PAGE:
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Cave In|Heavy Pendulum

Heavy Pendulum

Cave In

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Since their 1998-2005 purple patch, Cave In has had something of a sporadic existence. Initially one of the brightest lights on the post-hardcore scene, the band's sound evolved quickly and constantly over their early years, setting new markers for the sonic possibilities to be found in smart, exploratory heavy music. Always moving along a spectrum of sound that found the band easily shifting between atmospheric, melodic, emotive rock and gritty, growly hardcore, Cave In's albums were always instantly recognizable, but rarely predictable. And then … they stopped. A 2006 hiatus lasted for three years, after which there were some new albums,  and then another hiatus in 2011 that lasted three more years and found the band returning to a much more occasional existence. Bassist/vocalist Caleb Scofield's death in 2018 seemed to put a final sort of punctuation to the band's history. However, in paying tribute to Scofield (and raising funds for his family), the band not only put together the 2019 polished-demos mini-LP Final Transmission, but also reoriented themselves to what a new future could be. Strikingly, Heavy Pendulum, their first full-length since 2011's White Silence, aggressively points the band in new sonic directions. Although Scofield's lyrics and riffs do show up on a few tracks, Converge bassist Nate Newton has fully stepped in on bass and vocals throughout. More notably, though, Cave In's long-established binary switch—melody/spacey vs. screamy/ragey—has been augmented by a new gear: chunky/grungy. Some space-core touches do show up on the first track "New Reality," and the trademark change-off between soundscapy metal and pummeling hardcore are clear early on as well, but by the time the vocal harmonies kick in on track three—a loose-limbed rocker called "Floating Skulls" that heavily flirts with boogie rock—it's clear that Cave In is comfortable leaning into grungy riffs and butt-rock groove far more than anyone might expect. The title track and "Waiting for Love," for instance, sound like straight up homage to '90s Seattle, and while Converge's Kurt Ballou is once again producing for the band (as he did for their fiery debut), he doesn't seem the least bit interested in focusing their fire, and instead is encouraging the band to explore and indulge. The back half of the album finds the group delving into some surprising areas with some unique touches, like the proggy plucked acoustic guitars that close out "Amaranthine," which sound like the opening notes to some sort of elf-metal epic. By the time the album closes out with the 12-minute "Wavering Angel," the band has found a way to fuse all of the gritty grunge and growly spaciness of the previous thirteen tracks into something that—as one might expect—could only come from Cave In. © Jason Ferguson/Qobuz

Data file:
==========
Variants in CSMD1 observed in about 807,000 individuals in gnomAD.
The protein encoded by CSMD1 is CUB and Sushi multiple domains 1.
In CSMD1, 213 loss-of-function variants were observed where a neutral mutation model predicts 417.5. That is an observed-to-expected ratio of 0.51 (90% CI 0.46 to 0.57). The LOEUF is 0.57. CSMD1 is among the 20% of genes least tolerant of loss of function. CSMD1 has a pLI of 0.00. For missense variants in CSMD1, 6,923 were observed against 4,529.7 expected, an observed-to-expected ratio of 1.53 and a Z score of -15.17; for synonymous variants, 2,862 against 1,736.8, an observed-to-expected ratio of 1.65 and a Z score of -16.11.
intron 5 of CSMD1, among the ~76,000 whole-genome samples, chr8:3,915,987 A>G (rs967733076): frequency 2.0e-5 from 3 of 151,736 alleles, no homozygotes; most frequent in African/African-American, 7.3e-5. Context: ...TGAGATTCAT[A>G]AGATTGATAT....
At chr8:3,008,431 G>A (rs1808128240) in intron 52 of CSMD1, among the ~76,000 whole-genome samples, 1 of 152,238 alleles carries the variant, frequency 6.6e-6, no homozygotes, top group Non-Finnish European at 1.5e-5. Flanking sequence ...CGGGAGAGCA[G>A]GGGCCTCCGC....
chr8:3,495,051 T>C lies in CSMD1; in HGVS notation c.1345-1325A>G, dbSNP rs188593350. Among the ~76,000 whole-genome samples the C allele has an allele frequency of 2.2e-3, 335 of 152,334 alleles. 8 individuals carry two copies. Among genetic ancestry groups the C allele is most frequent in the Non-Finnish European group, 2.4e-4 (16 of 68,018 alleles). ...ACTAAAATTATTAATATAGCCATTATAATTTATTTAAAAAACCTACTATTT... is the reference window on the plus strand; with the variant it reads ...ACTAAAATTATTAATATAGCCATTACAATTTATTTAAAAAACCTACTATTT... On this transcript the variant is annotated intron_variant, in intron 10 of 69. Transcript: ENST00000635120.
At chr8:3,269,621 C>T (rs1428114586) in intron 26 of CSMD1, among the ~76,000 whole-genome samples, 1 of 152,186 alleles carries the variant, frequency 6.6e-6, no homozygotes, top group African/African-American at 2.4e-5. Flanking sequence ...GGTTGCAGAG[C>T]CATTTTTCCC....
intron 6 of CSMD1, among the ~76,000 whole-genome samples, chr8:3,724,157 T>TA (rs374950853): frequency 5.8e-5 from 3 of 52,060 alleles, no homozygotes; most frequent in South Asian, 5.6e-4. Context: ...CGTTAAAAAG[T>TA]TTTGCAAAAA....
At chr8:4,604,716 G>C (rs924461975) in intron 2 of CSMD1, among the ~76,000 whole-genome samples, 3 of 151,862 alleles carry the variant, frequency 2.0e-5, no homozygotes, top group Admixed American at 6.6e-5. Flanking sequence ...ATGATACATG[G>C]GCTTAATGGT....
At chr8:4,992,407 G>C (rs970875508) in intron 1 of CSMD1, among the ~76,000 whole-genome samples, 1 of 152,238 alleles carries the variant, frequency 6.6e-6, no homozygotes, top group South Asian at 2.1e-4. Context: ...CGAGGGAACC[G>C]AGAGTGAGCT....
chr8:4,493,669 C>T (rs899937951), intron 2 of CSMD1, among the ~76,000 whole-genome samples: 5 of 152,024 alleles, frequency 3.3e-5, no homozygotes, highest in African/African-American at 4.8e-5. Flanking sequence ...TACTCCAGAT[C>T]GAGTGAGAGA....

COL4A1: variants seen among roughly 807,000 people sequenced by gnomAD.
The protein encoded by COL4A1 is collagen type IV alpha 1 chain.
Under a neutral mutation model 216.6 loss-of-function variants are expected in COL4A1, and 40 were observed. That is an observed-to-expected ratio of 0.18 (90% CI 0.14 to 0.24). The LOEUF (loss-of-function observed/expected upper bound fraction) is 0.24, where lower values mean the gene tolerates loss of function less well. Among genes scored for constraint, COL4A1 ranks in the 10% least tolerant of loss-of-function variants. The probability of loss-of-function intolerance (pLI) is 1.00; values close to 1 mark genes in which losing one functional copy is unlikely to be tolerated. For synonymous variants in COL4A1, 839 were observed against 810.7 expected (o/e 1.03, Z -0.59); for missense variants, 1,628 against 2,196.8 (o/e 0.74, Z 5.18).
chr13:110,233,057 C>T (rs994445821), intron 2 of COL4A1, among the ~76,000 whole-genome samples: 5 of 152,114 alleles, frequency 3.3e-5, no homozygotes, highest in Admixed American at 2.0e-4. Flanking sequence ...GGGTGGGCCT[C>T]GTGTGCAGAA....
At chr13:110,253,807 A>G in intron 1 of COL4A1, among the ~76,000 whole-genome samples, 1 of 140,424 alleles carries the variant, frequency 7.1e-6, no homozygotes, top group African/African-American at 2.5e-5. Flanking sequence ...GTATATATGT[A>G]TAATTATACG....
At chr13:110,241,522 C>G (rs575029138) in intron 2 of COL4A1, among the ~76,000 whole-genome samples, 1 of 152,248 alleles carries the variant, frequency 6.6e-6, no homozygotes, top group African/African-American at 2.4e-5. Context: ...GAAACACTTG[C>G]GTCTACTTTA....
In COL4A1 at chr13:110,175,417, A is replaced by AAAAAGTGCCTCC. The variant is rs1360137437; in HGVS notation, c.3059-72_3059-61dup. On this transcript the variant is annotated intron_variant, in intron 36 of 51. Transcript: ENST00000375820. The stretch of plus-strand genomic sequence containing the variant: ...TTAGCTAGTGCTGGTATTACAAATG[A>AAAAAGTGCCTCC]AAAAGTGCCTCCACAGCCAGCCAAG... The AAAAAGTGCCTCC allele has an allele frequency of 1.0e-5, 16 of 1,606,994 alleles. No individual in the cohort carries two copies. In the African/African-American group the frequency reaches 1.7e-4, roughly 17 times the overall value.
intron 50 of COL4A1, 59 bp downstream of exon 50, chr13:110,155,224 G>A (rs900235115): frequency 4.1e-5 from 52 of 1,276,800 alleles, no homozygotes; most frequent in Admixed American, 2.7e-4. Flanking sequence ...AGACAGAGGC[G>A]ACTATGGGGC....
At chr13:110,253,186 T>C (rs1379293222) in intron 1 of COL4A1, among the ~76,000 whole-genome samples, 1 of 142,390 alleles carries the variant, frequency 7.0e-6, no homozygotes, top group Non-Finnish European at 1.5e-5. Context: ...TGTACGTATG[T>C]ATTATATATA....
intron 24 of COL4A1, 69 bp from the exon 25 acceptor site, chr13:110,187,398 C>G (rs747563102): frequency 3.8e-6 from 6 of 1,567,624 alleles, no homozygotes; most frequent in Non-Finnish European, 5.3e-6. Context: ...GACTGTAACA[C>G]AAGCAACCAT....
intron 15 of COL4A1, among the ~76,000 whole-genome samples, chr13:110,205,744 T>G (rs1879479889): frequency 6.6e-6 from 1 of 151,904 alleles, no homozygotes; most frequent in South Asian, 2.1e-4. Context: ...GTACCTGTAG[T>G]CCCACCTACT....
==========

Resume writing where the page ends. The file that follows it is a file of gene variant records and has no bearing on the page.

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Heavy Pendulum

Cave In

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1
New Reality
00:04:41

Cave In, MainArtist - Nate Newton, Composer - Stephen Brodsky, Composer - John-Robert Conners, Composer - Adam McGrath, Composer

(C) 2022 Relapse Records, Inc. (P) 2022 Relapse Records, Inc.

2
Blood Spiller
00:04:01

Cave In, MainArtist - Nate Newton, Composer - Stephen Brodsky, Composer - John-Robert Conners, Composer - Adam McGrath, Composer

(C) 2022 Relapse Records, Inc. (P) 2022 Relapse Records, Inc.

3
Floating Skulls
00:03:39

Cave In, MainArtist - Nate Newton, Composer - Stephen Brodsky, Composer - John-Robert Conners, Composer - Adam McGrath, Composer

(C) 2022 Relapse Records, Inc. (P) 2022 Relapse Records, Inc.

4
Heavy Pendulum
00:05:09

Cave In, MainArtist - Nate Newton, Composer - Stephen Brodsky, Composer - John-Robert Conners, Composer - Adam McGrath, Composer

(C) 2022 Relapse Records, Inc. (P) 2022 Relapse Records, Inc.

5
Pendulambient
00:01:58

Cave In, MainArtist - Nate Newton, Composer - Stephen Brodsky, Composer - John-Robert Conners, Composer - Adam McGrath, Composer

(C) 2022 Relapse Records, Inc. (P) 2022 Relapse Records, Inc.

6
Careless Offering
00:04:55

Cave In, MainArtist - Nate Newton, Composer - Stephen Brodsky, Composer - John-Robert Conners, Composer - Adam McGrath, Composer

(C) 2022 Relapse Records, Inc. (P) 2022 Relapse Records, Inc.

7
Blinded by a Blaze
00:07:39

Cave In, MainArtist - Nate Newton, Composer - Stephen Brodsky, Composer - John-Robert Conners, Composer - Adam McGrath, Composer